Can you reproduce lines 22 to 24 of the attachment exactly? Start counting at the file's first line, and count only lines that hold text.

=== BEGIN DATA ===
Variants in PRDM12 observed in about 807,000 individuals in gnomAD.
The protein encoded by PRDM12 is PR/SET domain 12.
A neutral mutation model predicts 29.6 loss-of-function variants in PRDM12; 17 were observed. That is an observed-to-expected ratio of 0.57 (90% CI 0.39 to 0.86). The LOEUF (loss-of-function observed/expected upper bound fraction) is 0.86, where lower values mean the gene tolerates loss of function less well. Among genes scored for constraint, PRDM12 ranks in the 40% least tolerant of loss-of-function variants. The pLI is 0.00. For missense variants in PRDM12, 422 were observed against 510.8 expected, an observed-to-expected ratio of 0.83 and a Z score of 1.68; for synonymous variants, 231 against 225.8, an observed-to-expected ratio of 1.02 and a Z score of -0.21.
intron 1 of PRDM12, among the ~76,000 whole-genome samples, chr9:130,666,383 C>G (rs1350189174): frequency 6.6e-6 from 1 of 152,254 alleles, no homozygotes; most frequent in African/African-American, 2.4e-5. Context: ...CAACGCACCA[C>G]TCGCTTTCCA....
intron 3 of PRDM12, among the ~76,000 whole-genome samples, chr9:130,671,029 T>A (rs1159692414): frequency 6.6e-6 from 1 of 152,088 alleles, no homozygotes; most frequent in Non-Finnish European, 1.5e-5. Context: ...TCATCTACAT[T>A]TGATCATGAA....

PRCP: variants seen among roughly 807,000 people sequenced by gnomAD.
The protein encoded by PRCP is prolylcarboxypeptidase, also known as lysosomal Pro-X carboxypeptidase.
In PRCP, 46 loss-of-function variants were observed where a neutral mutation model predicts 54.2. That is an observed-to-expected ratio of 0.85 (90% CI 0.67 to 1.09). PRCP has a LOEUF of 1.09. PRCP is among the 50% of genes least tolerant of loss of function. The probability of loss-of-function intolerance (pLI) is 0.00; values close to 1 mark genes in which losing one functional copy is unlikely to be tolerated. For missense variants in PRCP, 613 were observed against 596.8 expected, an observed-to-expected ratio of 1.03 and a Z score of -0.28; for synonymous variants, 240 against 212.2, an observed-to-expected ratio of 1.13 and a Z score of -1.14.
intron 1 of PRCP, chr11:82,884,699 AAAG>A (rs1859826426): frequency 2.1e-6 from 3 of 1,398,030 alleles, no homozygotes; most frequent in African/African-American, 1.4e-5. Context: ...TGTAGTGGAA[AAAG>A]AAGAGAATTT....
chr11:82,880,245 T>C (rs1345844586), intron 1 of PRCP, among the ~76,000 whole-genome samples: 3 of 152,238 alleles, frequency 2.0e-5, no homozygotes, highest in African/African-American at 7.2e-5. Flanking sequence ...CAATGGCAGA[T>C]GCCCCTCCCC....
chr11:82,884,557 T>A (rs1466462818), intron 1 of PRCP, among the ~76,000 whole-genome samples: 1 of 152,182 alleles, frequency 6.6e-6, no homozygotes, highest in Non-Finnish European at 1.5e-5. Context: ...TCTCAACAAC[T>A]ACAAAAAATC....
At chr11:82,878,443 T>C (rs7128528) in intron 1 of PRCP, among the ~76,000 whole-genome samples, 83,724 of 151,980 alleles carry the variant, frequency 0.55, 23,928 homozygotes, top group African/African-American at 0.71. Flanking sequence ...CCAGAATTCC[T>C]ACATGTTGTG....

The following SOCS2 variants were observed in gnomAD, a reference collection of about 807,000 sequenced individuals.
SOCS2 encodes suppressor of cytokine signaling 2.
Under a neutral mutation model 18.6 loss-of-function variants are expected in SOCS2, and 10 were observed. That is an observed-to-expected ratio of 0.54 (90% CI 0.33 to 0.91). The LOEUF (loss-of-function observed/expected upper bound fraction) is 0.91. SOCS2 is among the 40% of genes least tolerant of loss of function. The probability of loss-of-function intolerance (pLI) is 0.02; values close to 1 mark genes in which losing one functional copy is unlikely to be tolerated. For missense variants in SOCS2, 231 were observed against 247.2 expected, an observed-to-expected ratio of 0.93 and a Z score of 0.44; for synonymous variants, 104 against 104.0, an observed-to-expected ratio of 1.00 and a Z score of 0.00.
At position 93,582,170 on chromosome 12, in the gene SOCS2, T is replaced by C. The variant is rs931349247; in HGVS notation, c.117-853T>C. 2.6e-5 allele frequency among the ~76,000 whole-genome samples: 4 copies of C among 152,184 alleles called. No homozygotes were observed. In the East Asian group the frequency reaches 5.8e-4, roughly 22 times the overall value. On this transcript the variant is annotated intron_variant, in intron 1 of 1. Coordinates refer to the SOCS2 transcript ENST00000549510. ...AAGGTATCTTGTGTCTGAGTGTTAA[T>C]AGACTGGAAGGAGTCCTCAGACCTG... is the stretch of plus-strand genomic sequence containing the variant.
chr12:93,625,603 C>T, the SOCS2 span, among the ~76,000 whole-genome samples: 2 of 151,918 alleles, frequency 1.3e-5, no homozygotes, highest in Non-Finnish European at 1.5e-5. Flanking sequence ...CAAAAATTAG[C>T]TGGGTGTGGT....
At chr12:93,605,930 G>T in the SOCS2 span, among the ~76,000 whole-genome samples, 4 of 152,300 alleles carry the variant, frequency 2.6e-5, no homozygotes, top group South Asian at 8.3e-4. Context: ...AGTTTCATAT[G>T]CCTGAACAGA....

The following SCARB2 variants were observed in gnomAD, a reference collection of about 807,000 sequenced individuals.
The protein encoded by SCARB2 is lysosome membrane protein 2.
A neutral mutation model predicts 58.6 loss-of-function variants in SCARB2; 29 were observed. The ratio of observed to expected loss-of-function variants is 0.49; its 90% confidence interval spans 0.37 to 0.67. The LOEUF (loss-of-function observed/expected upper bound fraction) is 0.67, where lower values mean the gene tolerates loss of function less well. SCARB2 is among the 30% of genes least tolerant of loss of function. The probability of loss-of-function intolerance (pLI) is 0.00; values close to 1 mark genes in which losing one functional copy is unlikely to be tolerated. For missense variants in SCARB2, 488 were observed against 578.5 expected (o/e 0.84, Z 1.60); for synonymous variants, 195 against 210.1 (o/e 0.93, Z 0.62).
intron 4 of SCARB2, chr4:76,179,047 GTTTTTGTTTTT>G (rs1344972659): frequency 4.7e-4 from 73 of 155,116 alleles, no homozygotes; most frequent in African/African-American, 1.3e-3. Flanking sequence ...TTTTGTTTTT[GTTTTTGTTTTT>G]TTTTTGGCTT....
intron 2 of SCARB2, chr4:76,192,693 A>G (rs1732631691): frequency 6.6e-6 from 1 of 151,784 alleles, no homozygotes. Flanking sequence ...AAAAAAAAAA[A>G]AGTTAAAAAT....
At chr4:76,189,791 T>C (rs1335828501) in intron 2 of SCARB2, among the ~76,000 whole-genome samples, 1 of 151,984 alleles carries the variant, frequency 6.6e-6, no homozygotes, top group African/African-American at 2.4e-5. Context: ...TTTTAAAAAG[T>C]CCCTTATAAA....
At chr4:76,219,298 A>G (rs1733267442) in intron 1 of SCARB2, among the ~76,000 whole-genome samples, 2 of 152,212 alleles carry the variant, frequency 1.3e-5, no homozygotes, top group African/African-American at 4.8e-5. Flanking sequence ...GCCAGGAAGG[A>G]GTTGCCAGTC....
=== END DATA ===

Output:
intron 4 of SCARB2, chr4:76,179,047 GTTTTTGTTTTT>G (rs1344972659): frequency 4.7e-4 from 73 of 155,116 alleles, no homozygotes; most frequent in African/African-American, 1.3e-3. Flanking sequence ...TTTTGTTTTT[GTTTTTGTTTTT>G]TTTTTGGCTT....
intron 2 of SCARB2, chr4:76,192,693 A>G (rs1732631691): frequency 6.6e-6 from 1 of 151,784 alleles, no homozygotes. Flanking sequence ...AAAAAAAAAA[A>G]AGTTAAAAAT....
At chr4:76,189,791 T>C (rs1335828501) in intron 2 of SCARB2, among the ~76,000 whole-genome samples, 1 of 151,984 alleles carries the variant, frequency 6.6e-6, no homozygotes, top group African/African-American at 2.4e-5. Context: ...TTTTAAAAAG[T>C]CCCTTATAAA....